Norway intensifies COVID-19 fight with NOK2.2 billion donation to CEPI

Erna Solberg Norway CEPI

Instrumental in the formation of CEPI in 2017, Erna Solberg, Norway's Prime Minister, has long been a champion for global health security and epidemic preparedness.

Norway was one of CEPI's founding partners when the organisation launched, in the wake of the 2014 -15 Ebola epidemic, as the result of a consensus that a coordinated, international, and intergovernmental plan was needed to develop and deploy new vaccines to prevent future epidemics.

With the Government of Norway's announcement of a NOK2.2 billion (US$210 million) boost to CEPI's crucial COVID-19 efforts, it has once again stepped forward as a global leader willing to do whatever it takes to neutralise the global threat posed by COVID-19

CEPI is incredibly grateful for the Government of Norway's and Prime Minister Solberg's extraordinary support for CEPI's efforts to develop a COVID-19 vaccine. Developing this vaccine and, most importantly, making it globally accessible, is our only long-term path out of this pandemic situation.

We hope to deliver a safe and effective vaccine within 12-18 months, but we can only do this through a coordinated international effort the likes of which have never been seen outside of war. We need a ‘big science' approach to accelerating vaccine research and we need governments and industry to work together to ensure manufacturing capacity. Organisations with experience of global vaccine distribution, like Gavi, will also play a vital role.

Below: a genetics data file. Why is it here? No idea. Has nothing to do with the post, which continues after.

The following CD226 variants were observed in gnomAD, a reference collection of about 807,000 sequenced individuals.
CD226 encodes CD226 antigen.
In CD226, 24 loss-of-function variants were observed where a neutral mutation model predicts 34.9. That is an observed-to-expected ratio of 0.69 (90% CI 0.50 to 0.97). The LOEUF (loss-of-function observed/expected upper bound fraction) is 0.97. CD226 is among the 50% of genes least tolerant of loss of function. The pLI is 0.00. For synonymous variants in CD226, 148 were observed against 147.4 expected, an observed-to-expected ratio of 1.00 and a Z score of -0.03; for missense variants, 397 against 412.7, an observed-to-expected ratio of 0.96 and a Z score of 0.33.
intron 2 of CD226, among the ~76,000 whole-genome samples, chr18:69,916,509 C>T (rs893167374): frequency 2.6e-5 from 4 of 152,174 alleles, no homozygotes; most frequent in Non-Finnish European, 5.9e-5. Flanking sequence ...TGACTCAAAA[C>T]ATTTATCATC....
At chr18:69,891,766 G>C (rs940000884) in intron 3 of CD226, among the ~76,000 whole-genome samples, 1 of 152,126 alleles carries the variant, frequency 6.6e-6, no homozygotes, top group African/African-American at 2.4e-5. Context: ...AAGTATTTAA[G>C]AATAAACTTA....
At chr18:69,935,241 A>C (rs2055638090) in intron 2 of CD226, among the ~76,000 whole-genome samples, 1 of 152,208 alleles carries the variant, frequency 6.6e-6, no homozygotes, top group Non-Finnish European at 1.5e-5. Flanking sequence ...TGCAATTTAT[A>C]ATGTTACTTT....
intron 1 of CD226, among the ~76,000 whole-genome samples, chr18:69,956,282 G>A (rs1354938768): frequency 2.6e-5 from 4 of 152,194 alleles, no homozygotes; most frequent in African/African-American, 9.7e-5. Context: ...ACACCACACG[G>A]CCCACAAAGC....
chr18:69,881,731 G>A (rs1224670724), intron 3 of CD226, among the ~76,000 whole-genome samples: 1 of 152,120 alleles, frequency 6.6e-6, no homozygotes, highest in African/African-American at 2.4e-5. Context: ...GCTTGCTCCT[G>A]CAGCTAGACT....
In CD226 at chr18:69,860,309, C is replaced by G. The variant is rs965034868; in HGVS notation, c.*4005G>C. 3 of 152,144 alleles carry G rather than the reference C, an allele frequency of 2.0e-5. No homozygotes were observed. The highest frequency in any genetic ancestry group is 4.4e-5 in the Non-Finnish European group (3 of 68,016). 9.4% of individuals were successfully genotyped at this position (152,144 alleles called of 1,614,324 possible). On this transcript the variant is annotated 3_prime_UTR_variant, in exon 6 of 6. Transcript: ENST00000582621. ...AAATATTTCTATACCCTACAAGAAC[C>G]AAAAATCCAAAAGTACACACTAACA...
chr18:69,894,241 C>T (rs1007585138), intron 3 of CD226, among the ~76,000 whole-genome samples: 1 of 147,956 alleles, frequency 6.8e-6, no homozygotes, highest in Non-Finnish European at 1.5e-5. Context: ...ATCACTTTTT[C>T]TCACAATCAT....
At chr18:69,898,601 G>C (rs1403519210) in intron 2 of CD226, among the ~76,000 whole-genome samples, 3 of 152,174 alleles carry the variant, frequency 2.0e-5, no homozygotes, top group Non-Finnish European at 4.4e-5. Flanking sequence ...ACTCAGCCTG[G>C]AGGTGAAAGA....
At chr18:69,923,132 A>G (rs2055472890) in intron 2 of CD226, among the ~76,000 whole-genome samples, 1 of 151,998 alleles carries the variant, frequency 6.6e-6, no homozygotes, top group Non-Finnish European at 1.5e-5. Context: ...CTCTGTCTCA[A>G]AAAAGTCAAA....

Today's substantial funding announcement reaffirms Norway's commitment to CEPI's mission to accelerate the development of vaccines against emerging epidemic threats and to ensure equitable access to these vaccines for people during outbreaks

Dr. Richard HatchettChief Executive Officer, CEPI

Prior to the COVID-19 pandemic, Norway was one of CEPI's biggest financial backers, providing $200 million towards the coalition's work to develop vaccines against emerging infectious diseases like, Chikungunya, Ebola, Lassa, MERS, Nipah, and Rift Valley Fever. Then in February, 2020, Norway announced an initial NOK36 million ($4 million) to aid CEPI's COVID-19 vaccine work. Norway's total funding for CEPI now totals $414 million.

Subsequently, in March, 2020, CEPI estimated that $2 billion would be needed to accelerate development of a COVID-19 vaccine with 12-18 months. In response to this call the Governments of Denmark, Finland, Germany, and the United Kingdom, have pledged $443 million in support. With Norway's substantial contribution CEPI has now raised $660 million (33%) of the $2 billion it urgently needs.

The Governments of Norway, UK, Germany, Finland, and Denmark have got behind CEPI's push to rapidly develop a globally accessible coronavirus vaccine and we now call on other world leaders to join us in our fight. Together we can beat this virus.

Dr. Richard HatchettChief Executive Officer, CEPI

The COVID-19 pandemic poses one of the greatest challenges humankind has faced in the past century. Developing vaccines is the most cost-effective way to save lives and to neutralize the grave threat posed by deadly virus. To date, CEPI has initiated eight COVID-19 vaccine projects.

The financial support CEPI has received from Norway and other governments will help it to continue its rapid progress towards producing safe and effective vaccines, which are globally accessible, within the next 12 to 18 months. However, the world must now work collectively and with urgency to address equitable access to any COVID-19 vaccine.

Image credit: World Economic Forum/ Benedikt von Loebell